Type 1 diabetes is caused by autoreactive T cells that destroy pancreatic beta cells. Animal models suggested that a CD4⁺CD25⁺ population has a regulatory function capable of preventing activation and effector functions of autoreactive T cells. However, the role of CD4⁺CD25high T cells in autoimmunity and their molecular mechanisms remain the subject of investigation. We therefore evaluated T regulatory cell frequencies and their PD-1 expression in the peripheral blood of long-standing diabetics under basal conditions and after CD3/CD28 stimulation. Under basal conditions, the percentages of T regulatory cells were significantly higher while that of T effector cells were significantly lower in patients than in controls. The ratio of regulatory to effector T cells was higher in patients than that in controls, suggesting that T regulatory cells were functional in patients. Percentages of total PD-1⁺, PD-1low and PD-1high expressing T regulatory cells did not change in patients and in controls. After stimulation, a defect in T regulatory cell proliferation was observed in diabetics and the percentages of total PD-1⁺, PD-1low and PD-1high expressing cells were lower in patients. Our data suggest a defective activation of T regulatory cells in long-standing diabetics due to a lower expression of PD-1 on their surface.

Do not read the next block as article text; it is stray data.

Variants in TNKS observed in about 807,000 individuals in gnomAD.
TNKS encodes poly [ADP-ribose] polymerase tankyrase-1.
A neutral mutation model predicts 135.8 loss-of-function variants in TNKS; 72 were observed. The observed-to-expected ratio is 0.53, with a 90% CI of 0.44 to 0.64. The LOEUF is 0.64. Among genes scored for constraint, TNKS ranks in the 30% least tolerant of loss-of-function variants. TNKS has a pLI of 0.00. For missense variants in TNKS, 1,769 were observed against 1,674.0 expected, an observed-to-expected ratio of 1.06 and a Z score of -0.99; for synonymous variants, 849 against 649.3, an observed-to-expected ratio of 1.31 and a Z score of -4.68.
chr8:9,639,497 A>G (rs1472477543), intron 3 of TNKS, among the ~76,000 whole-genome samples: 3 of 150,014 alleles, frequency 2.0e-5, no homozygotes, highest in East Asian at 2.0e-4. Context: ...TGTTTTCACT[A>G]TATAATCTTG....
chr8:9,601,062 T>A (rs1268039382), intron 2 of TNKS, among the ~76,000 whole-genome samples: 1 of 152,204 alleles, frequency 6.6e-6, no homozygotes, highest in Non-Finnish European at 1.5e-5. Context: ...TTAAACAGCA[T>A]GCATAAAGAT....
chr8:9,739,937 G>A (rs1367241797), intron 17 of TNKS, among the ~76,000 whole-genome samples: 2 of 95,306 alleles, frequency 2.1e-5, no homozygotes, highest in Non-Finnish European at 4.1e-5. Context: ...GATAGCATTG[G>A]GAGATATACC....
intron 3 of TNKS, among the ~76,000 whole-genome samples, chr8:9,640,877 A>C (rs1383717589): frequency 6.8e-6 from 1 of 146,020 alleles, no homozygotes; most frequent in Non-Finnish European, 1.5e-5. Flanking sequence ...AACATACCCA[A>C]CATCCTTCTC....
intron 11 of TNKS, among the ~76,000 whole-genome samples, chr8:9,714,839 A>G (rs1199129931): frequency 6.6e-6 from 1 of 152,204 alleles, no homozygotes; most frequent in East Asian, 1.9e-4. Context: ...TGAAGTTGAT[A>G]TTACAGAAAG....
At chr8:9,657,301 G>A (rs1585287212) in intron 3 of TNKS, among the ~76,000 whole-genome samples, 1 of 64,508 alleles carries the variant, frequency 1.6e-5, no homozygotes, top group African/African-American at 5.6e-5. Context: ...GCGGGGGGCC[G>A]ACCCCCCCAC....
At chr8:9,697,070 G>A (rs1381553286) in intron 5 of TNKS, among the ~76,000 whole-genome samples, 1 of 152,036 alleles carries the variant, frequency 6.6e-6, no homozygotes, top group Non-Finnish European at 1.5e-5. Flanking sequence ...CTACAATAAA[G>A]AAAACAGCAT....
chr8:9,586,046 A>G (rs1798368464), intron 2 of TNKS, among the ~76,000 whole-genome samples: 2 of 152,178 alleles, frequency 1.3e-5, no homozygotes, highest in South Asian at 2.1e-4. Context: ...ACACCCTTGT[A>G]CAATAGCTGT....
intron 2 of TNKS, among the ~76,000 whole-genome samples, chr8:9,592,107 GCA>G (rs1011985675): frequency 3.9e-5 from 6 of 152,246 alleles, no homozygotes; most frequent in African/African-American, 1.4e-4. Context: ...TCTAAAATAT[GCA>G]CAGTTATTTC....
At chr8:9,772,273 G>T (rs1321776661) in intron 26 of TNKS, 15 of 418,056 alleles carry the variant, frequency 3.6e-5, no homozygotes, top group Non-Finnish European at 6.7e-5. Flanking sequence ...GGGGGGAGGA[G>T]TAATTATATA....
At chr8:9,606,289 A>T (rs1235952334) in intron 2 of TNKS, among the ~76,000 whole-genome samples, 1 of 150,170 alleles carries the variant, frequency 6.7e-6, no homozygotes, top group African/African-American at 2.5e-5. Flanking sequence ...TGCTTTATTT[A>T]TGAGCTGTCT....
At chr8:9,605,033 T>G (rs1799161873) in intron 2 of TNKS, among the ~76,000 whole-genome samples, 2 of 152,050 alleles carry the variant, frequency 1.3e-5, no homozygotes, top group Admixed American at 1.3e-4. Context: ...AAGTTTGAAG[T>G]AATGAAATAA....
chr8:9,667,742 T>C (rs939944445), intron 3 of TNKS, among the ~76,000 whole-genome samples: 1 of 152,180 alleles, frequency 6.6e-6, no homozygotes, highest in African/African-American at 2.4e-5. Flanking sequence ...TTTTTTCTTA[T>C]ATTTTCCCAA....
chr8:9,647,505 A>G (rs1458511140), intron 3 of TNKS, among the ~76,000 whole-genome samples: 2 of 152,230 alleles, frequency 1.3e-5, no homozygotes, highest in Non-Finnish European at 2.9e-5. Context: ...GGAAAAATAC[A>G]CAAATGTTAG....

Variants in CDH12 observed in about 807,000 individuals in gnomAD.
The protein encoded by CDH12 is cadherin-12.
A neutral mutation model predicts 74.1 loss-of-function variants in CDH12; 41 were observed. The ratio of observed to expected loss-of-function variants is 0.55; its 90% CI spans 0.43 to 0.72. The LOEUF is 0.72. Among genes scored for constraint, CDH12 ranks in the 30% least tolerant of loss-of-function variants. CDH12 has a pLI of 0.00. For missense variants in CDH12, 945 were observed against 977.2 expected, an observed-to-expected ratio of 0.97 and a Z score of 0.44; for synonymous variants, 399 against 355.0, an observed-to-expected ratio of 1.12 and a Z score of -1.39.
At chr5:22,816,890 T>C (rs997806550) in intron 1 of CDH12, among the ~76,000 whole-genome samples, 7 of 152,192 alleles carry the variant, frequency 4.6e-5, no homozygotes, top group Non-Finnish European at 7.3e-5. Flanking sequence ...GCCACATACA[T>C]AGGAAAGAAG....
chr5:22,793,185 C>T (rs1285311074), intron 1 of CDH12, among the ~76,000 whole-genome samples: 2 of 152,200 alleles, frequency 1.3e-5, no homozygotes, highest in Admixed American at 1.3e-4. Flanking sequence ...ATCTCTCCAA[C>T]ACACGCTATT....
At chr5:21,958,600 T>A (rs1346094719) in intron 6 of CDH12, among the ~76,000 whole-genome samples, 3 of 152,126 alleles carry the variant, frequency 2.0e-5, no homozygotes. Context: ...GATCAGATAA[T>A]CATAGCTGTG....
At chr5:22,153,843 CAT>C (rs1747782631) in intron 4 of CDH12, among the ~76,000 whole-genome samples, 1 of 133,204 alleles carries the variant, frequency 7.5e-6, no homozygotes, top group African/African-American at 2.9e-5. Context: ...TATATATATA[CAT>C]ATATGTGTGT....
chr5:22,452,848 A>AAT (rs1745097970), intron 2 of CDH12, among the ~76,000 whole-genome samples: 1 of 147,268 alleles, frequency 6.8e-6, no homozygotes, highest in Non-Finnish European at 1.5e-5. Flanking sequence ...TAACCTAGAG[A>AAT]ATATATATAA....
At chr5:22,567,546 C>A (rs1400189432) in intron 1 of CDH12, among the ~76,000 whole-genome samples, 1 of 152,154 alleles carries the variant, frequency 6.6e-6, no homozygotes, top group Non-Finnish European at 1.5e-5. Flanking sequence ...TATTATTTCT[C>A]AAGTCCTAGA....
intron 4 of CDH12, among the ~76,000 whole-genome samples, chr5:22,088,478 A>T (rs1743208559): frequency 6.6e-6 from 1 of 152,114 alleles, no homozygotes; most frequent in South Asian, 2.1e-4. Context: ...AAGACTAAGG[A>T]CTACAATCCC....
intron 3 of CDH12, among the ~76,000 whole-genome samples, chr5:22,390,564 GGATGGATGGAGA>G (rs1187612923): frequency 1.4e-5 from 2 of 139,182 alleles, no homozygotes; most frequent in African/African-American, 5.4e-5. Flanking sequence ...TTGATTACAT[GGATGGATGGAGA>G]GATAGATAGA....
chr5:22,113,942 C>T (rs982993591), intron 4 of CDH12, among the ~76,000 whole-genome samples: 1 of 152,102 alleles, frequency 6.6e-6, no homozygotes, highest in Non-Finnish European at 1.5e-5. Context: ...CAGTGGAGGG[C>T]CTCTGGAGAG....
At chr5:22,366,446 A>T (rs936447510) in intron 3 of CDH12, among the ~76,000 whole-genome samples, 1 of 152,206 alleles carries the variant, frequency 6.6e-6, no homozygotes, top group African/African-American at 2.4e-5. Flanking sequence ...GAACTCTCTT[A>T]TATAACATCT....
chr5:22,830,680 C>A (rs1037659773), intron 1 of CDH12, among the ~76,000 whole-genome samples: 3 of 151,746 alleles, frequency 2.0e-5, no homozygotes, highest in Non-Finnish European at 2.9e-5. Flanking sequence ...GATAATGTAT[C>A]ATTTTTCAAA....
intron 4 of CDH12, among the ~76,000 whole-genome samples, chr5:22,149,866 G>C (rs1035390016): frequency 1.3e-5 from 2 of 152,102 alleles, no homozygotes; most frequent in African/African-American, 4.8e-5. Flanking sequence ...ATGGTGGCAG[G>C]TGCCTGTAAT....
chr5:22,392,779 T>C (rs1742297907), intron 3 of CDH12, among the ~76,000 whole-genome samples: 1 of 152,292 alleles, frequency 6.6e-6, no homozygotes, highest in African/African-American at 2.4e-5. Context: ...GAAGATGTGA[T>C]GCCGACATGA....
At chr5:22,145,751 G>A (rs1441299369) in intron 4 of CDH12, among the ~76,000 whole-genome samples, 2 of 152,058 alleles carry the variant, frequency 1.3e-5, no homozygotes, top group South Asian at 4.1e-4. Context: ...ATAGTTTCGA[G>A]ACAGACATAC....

Perri, V., Russo, B., Crinò, A., Schiaffini, R., Giorda, E., Cappa, M., … Fierabracci, A. (2015). Expression of PD-1 molecule on regulatory T lymphocytes in patients with insulin-dependent diabetes mellitus. International Journal of Molecular Sciences, 16(9), 22584–22605. https://doi.org/10.3390/ijms160922584